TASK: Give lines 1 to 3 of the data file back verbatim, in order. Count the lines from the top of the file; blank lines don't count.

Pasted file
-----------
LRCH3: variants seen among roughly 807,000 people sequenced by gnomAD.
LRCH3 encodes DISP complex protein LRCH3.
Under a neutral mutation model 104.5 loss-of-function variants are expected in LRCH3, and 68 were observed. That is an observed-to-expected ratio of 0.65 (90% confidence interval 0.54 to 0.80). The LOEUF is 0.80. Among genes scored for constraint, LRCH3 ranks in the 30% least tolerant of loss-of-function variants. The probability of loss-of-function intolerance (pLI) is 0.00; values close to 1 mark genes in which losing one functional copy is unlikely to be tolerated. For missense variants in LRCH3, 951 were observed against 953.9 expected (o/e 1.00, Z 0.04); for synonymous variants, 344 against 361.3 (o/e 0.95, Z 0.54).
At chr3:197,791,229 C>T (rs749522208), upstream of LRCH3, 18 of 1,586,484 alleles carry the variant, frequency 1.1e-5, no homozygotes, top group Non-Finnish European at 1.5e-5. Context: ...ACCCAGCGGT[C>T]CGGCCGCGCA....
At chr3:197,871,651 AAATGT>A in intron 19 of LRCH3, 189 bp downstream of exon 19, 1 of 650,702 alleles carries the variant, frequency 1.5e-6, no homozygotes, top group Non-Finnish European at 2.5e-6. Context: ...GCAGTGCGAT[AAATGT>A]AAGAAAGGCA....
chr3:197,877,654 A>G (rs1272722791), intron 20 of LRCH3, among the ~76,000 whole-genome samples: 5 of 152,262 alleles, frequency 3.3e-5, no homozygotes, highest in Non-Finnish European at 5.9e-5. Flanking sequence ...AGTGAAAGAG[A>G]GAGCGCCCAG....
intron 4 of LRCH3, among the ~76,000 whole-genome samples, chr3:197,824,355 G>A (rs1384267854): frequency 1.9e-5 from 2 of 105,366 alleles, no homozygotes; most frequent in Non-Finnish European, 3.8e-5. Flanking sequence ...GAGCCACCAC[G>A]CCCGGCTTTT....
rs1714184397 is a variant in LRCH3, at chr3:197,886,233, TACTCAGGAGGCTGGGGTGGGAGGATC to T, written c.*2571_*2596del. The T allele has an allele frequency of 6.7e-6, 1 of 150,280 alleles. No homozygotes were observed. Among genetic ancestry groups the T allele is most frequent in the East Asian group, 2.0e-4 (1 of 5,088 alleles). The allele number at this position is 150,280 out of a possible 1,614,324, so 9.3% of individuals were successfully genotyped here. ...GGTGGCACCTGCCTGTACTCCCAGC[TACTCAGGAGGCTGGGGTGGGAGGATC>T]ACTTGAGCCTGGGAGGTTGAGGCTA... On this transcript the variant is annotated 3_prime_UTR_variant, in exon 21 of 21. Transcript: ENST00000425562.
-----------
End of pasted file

LRCH3: variants seen among roughly 807,000 people sequenced by gnomAD.
LRCH3 encodes DISP complex protein LRCH3.
Under a neutral mutation model 104.5 loss-of-function variants are expected in LRCH3, and 68 were observed. That is an observed-to-expected ratio of 0.65 (90% confidence interval 0.54 to 0.80). The LOEUF is 0.80. Among genes scored for constraint, LRCH3 ranks in the 30% least tolerant of loss-of-function variants. The probability of loss-of-function intolerance (pLI) is 0.00; values close to 1 mark genes in which losing one functional copy is unlikely to be tolerated. For missense variants in LRCH3, 951 were observed against 953.9 expected (o/e 1.00, Z 0.04); for synonymous variants, 344 against 361.3 (o/e 0.95, Z 0.54).